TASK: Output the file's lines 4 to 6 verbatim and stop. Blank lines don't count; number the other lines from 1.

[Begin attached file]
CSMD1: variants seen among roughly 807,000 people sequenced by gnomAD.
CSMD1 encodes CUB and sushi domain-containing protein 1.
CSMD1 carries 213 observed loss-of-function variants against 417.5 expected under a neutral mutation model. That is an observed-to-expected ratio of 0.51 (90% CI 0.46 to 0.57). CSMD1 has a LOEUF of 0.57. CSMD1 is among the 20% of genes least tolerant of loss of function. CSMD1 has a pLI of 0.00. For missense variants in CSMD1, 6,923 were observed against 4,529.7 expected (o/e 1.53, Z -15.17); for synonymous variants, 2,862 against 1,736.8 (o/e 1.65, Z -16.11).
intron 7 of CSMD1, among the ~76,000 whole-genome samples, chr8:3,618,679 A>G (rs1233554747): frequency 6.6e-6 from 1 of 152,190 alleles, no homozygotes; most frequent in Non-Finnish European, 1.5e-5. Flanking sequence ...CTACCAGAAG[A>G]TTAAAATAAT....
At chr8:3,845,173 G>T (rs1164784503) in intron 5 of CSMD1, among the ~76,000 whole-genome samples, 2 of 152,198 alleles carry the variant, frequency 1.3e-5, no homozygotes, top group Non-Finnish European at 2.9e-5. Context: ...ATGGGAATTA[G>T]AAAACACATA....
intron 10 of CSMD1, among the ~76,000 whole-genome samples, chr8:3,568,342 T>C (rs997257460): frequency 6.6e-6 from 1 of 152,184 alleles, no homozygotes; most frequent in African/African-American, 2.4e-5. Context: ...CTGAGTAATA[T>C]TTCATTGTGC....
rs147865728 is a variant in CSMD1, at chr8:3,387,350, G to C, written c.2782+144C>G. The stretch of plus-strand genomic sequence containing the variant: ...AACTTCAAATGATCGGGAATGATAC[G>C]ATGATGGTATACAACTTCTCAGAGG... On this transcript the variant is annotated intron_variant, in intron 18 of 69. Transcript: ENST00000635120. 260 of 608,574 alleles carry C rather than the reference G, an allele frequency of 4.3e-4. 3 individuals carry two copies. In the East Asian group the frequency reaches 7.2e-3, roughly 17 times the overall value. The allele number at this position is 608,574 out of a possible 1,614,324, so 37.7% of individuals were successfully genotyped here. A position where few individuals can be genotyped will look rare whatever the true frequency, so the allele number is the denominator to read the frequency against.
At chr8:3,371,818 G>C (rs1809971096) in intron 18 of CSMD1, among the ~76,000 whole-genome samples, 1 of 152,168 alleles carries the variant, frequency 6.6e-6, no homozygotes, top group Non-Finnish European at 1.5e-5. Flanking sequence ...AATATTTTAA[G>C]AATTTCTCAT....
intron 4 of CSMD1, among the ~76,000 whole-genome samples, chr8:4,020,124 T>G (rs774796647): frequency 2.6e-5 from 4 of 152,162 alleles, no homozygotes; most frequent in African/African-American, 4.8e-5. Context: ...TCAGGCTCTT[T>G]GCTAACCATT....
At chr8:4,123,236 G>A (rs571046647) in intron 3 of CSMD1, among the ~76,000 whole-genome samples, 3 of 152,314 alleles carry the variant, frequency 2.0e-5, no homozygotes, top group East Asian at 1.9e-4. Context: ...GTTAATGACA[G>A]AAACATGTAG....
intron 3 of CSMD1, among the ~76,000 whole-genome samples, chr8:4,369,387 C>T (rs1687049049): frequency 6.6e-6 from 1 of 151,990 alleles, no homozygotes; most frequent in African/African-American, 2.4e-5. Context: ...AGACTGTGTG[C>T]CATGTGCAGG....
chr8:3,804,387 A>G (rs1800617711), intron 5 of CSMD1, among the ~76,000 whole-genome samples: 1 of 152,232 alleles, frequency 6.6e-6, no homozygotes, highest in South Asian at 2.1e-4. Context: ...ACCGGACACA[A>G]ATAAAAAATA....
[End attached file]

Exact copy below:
intron 7 of CSMD1, among the ~76,000 whole-genome samples, chr8:3,618,679 A>G (rs1233554747): frequency 6.6e-6 from 1 of 152,190 alleles, no homozygotes; most frequent in Non-Finnish European, 1.5e-5. Flanking sequence ...CTACCAGAAG[A>G]TTAAAATAAT....
At chr8:3,845,173 G>T (rs1164784503) in intron 5 of CSMD1, among the ~76,000 whole-genome samples, 2 of 152,198 alleles carry the variant, frequency 1.3e-5, no homozygotes, top group Non-Finnish European at 2.9e-5. Context: ...ATGGGAATTA[G>T]AAAACACATA....
intron 10 of CSMD1, among the ~76,000 whole-genome samples, chr8:3,568,342 T>C (rs997257460): frequency 6.6e-6 from 1 of 152,184 alleles, no homozygotes; most frequent in African/African-American, 2.4e-5. Context: ...CTGAGTAATA[T>C]TTCATTGTGC....